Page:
Custom action DLL for visual studio

Create New simple dll, the dll function signature should be:


EXTERN_C __declspec(dllexport) UINT __stdcall testsystem(MSIHANDLE hInstall)

You must follow this exactly  – beside the function name that can be anything you want.

You can have more then one function in the same dll, and call them for different actions.

The function name is your entry point (last picture).

You also must insert msi.lib to your project.

Now, returning from this function does the trick:

if you return ERROR_SUCCESS, then everything is ok, and setup commence. if you return ERROR_INSTALL_FAILURE however, setup will stop (error codes).

if you want to display a message box, make sure you get the installer window before you do that! like this:

HWND main=GetForegroundWindow();
MessageBox(main,L"You can't install this application, your computer SUCK!",L"Error",MB_OK+MB_ICONERROR);

In this case, you return an error after and do not proceed with the functions.

most cases you don’t want this dll in the installation folder (or anywhere on the destination machine) to achieve this, just mark the exclude to true.

What else? conditional action? This is really easy. You should add a custom dialog in the user interface section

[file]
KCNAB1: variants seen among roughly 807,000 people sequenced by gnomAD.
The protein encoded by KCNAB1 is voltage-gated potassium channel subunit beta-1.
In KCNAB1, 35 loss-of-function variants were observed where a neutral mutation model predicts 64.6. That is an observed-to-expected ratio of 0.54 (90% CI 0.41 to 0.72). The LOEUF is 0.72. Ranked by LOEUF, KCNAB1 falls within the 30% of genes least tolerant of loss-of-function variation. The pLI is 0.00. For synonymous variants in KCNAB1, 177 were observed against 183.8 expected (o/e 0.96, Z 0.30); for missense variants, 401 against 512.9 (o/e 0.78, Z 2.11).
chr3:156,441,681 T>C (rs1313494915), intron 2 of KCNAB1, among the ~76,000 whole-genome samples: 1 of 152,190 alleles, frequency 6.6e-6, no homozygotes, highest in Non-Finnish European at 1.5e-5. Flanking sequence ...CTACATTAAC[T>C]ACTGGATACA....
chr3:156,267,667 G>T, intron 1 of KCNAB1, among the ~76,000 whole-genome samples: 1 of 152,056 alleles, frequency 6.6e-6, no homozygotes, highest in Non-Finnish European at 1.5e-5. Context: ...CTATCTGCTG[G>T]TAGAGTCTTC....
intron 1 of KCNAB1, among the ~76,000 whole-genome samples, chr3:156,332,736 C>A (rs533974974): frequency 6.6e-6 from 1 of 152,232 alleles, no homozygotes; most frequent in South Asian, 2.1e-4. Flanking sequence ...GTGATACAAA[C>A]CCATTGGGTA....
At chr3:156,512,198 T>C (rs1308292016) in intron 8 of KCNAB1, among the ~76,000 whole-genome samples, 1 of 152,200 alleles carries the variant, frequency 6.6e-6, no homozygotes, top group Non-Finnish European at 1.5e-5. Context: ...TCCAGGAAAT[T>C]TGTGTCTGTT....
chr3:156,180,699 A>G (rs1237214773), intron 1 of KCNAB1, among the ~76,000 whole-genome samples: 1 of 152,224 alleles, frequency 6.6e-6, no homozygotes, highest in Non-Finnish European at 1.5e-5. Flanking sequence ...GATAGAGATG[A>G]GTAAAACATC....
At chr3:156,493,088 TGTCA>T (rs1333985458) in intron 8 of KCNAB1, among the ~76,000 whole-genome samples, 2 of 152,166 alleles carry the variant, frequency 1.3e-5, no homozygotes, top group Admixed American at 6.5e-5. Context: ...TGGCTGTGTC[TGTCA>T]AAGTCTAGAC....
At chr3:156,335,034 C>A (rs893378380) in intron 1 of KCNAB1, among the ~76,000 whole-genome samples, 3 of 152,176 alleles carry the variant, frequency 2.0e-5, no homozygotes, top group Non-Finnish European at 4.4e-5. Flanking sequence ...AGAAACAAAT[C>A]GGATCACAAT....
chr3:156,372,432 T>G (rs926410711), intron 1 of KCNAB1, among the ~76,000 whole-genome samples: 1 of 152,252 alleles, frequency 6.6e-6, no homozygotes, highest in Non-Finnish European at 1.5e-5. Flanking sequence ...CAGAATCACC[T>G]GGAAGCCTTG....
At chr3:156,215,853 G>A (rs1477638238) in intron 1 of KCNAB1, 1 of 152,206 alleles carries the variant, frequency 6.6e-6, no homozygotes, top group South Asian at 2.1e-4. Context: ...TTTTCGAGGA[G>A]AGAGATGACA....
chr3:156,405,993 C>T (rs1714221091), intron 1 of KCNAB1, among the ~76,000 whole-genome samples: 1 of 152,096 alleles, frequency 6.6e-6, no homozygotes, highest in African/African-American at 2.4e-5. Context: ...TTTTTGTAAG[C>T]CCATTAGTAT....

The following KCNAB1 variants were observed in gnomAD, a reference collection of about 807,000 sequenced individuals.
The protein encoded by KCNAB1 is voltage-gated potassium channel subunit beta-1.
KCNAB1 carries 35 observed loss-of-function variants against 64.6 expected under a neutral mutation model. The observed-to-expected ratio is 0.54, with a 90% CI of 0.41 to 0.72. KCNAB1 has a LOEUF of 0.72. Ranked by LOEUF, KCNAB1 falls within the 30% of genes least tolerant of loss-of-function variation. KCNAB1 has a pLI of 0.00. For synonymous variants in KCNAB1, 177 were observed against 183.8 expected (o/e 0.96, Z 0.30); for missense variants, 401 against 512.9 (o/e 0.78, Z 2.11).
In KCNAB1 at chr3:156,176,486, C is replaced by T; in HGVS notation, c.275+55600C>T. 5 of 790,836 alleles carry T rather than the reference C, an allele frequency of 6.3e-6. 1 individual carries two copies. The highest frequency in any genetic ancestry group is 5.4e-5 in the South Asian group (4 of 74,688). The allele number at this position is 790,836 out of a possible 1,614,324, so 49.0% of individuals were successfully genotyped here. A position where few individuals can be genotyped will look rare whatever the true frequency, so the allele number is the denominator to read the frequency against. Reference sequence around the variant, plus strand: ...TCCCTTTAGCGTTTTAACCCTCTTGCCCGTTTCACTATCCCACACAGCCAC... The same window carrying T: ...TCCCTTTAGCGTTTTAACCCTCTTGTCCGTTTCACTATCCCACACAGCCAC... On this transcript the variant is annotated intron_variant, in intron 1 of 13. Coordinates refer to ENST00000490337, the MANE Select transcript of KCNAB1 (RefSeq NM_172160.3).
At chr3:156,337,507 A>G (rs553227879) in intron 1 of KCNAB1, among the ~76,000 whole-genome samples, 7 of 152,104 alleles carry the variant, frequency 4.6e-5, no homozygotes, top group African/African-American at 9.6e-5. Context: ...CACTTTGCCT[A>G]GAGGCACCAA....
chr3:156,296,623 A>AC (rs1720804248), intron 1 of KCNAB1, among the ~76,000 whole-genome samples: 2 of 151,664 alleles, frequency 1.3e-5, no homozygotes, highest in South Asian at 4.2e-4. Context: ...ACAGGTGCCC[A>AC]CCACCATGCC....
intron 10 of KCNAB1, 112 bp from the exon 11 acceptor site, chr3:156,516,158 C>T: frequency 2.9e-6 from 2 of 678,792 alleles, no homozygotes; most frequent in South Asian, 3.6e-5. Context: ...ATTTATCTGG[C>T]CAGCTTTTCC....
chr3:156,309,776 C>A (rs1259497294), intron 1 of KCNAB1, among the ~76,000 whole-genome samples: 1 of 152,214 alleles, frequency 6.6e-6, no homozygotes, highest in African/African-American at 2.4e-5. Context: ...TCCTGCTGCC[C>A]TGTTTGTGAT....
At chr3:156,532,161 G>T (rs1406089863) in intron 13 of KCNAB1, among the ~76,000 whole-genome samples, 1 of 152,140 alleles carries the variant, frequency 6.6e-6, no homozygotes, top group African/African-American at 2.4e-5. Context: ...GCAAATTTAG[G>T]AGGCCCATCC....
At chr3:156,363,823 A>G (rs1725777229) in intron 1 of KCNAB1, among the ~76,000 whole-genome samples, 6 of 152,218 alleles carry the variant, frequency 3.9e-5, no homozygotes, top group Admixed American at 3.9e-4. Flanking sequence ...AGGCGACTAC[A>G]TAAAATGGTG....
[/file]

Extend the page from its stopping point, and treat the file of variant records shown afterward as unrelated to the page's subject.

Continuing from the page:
And in its checkbox property (you can have more then one in more them one dialog)

set the value to something you can then relate to in the custom action editor.

If you put a condition, it will work only if the condition is met.

 Important!

if you want to test your dll with a custom exe (and you should) the function signature is not testsystemas you might expect. It’s actually _testsystem@4, believe it or not! when doing a __stdcall calling, it will mangle the name. BTW  – this is fine for Visual studio, so don’t go and ruin this with a .def file.

Different const usage

The C++ const word define a real, constant (unlike C #define which is just a text macro).

simple usage:

const int number=123;

Will create a constant (non changeable) integer. However, pointers get confuse from time to time, so here are some pointers (ha ha…) on how to remember them:

const int * myPtr;

Is a pointer to a constant. later on, the pointer itself can point to something else.

int const * myPtr;

Is actually means the same thing. However

int * const myPtr;

means that the pointer is constant (can’t point to anything else) but the line

(*myPtr)++;

will work just fine.

And of course, the combination of the two will create an unchangeable pointer to an unchangeable object:

const int * const myPtr;

This last usage is not very common.

How to remember

Generally? const qualifies the left “thing” it has. If there is nothing on the left, it will qualify the first from the right. * on the left means pointer, while object type means the object itself.